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‘Life-changing’ $7.4M centre for T’Sou-ke First Nation

Construction is expected to start in the spring of 2022 on a $7.4-million health and community centre that is being described as “life-changing” for the T’Sou-ke First Nation.
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Artist's rendering of the T'Sou-Ke community complex.

Construction is expected to start in the spring of 2022 on a $7.4-million health and community centre that is being described as “life-changing” for the T’Sou-ke First Nation.

The 10,400-square-foot facility will include offices for the T’sou-ke administration, classrooms to support the teaching of Indigenous language and culture and a community hall for gatherings. The 1,800 square-foot health complex will give doctors, nurses and dentists ample room to treat the T’Sou-ke Nation’s 253 members.

“It’s very exciting,” said Rose Dumont, T’Sou-ke councillor and administrative health co-ordinator. She said it’s the culmination of years of hard work and planning by current and previous councils.

Dumont said the new centre will allow the nation to build on its current services and add new supports for everyone from children to elders. Doctors, dentists and nurses from the Vancouver Island Health Authority and Inter-Tribal Health visit T’Sou-ke regularly. Special clinics are held throughout the year for mammograms, flu shots and other procedures. Programs include diabetes and nutrition workshops, infant programs and literacy classes.

The new complex replaces an old cedar-clad building and three worn portables that now serve as headquarters for the T’Sou-ke Nation at 2154 Lazzar Rd.

It will be built near the T’Sou-ke First Nation’s Petro Canada gas station, convenience store and Tim Hortons on Sooke Road. That $4.8-million project was completed in July 2019.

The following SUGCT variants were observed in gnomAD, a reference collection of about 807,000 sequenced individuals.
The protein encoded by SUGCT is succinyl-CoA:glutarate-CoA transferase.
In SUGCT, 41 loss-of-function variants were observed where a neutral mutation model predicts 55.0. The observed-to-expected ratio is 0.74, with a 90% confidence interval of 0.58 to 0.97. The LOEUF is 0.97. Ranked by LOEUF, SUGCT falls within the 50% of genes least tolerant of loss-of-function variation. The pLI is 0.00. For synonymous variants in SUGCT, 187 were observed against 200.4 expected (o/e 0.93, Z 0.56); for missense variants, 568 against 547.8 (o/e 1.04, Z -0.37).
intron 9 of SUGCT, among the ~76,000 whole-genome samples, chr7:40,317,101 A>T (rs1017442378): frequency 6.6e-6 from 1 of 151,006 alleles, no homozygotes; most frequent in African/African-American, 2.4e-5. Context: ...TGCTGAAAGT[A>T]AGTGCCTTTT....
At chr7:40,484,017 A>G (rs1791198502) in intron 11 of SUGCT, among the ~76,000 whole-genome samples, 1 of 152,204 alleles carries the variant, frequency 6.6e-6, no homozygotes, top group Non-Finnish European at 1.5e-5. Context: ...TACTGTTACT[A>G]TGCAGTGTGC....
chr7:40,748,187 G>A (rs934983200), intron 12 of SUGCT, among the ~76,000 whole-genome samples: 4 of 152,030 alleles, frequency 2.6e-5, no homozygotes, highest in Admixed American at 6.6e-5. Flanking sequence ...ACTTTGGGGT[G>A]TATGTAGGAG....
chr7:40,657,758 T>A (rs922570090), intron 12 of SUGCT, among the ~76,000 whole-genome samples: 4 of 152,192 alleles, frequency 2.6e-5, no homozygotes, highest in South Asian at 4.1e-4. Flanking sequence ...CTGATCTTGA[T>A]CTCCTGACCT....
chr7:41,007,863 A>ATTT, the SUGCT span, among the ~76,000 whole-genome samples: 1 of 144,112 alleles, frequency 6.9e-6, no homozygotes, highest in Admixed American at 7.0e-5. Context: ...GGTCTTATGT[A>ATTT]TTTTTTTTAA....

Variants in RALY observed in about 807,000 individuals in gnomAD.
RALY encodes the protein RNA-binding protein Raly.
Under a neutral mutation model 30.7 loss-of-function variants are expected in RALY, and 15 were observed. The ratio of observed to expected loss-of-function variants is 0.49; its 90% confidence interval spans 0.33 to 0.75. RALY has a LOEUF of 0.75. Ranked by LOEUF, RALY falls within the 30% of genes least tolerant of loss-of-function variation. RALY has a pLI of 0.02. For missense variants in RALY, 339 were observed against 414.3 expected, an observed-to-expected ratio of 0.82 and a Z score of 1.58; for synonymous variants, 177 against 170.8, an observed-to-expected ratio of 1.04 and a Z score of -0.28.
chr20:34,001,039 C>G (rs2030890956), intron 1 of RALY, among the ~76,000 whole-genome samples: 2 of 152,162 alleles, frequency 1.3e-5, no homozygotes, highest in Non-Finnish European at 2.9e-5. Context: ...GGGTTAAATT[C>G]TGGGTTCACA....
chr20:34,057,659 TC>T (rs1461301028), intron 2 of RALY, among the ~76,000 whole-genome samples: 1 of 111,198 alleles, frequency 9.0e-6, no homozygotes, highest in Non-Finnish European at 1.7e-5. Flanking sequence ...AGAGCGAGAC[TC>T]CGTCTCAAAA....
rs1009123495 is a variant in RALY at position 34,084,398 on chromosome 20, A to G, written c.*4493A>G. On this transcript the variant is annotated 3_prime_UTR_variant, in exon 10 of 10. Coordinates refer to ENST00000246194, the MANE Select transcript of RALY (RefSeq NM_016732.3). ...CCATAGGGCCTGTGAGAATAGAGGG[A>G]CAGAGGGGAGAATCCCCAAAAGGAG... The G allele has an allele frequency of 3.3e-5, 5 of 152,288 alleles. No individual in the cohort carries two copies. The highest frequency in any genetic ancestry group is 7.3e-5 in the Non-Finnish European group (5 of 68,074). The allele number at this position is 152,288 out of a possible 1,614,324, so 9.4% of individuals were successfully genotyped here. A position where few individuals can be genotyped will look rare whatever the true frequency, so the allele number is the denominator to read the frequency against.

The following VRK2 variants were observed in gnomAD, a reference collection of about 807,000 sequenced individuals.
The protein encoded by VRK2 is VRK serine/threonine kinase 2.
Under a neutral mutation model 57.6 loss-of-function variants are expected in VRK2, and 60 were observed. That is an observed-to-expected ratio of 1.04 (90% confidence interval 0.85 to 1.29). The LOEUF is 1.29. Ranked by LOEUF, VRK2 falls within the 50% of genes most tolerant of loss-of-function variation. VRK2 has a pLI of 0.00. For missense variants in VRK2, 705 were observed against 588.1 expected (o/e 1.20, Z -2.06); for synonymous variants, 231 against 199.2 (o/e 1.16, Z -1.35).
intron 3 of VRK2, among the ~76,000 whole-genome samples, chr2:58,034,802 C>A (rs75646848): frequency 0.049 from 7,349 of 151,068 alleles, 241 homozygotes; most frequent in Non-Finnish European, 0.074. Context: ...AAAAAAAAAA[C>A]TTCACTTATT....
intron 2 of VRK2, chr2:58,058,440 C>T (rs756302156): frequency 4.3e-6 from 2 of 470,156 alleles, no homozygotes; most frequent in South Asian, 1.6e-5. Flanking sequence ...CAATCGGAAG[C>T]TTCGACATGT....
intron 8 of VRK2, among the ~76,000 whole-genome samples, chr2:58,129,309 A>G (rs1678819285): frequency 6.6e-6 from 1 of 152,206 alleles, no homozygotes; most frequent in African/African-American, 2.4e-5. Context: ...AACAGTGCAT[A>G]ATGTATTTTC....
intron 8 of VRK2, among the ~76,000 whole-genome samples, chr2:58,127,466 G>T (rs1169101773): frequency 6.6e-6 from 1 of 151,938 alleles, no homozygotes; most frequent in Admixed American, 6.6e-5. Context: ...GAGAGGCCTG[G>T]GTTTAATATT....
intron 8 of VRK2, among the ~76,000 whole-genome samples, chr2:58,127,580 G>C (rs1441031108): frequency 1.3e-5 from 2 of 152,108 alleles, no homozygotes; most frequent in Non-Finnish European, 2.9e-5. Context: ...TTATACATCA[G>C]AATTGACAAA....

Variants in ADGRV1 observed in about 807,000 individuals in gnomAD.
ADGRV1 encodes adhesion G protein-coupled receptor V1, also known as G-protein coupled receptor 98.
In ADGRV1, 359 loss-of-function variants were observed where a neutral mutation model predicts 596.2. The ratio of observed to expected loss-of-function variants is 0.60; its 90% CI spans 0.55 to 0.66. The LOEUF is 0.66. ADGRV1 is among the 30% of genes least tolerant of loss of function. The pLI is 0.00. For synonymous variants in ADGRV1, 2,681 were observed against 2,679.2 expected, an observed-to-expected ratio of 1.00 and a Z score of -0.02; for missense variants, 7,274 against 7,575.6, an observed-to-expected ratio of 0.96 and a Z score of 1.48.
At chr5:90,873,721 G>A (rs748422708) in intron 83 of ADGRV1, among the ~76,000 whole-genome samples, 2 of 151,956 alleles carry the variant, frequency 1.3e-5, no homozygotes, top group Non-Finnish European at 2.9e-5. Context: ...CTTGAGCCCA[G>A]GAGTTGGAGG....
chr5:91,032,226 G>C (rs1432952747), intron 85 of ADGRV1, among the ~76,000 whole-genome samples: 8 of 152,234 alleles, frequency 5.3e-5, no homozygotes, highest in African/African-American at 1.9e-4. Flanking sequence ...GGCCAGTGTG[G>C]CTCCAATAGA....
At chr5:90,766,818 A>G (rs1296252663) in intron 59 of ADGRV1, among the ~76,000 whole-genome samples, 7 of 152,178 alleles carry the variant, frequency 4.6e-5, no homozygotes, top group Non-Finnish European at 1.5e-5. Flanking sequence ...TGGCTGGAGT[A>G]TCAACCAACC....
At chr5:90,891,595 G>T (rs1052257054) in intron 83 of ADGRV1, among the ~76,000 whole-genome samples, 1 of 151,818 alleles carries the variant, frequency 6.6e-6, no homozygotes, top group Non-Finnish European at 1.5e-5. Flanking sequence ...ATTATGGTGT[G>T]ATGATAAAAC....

Jeff Frank, economic development officer for the T’Sou-ke Nation, expects tenders for the health and community complex to go out in September 2021, with construction starting in May 2022 and completion in spring 2024.

He said it is being financed by $3.9 million in government infrastructure grants, $2.2 million from the First Nations Health Authority and $1.3 million from the T’Sou-ke Nation.

“T’Sou-ke is following the footsteps of our ancestors always striving for a safe and healthy community while enhancing our territory,” T’Sou-ke Chief Gordon Planes said in a statement. “The work we do today is for our children and our children not born yet, and we know we need to all do this together as Naut’sa Mawt [together as one].”

While touring the site of the future facility recently, Premier John Horgan said the new centre will link the community to health-care providers and serve as a community gathering place.

“As our economy begins to recover from the COVID-19 pandemic, it’s important that we build the crucial infrastructure communities need to be stronger and more secure than they were before,” Horgan said. “I’m proud to help celebrate this investment in building the T’Sou-ke Nation a much-needed community and health centre that will reflect their culture and help preserve their language.”

The T’Sou-ke Nation Health and Community Centre is one of 22 projects on Vancouver Island receiving joint federal and provincial funding under the Community, Culture and Recreation Infrastructure Stream.

The centre will also include a full kitchen, outdoor patio, washrooms and an elevator.

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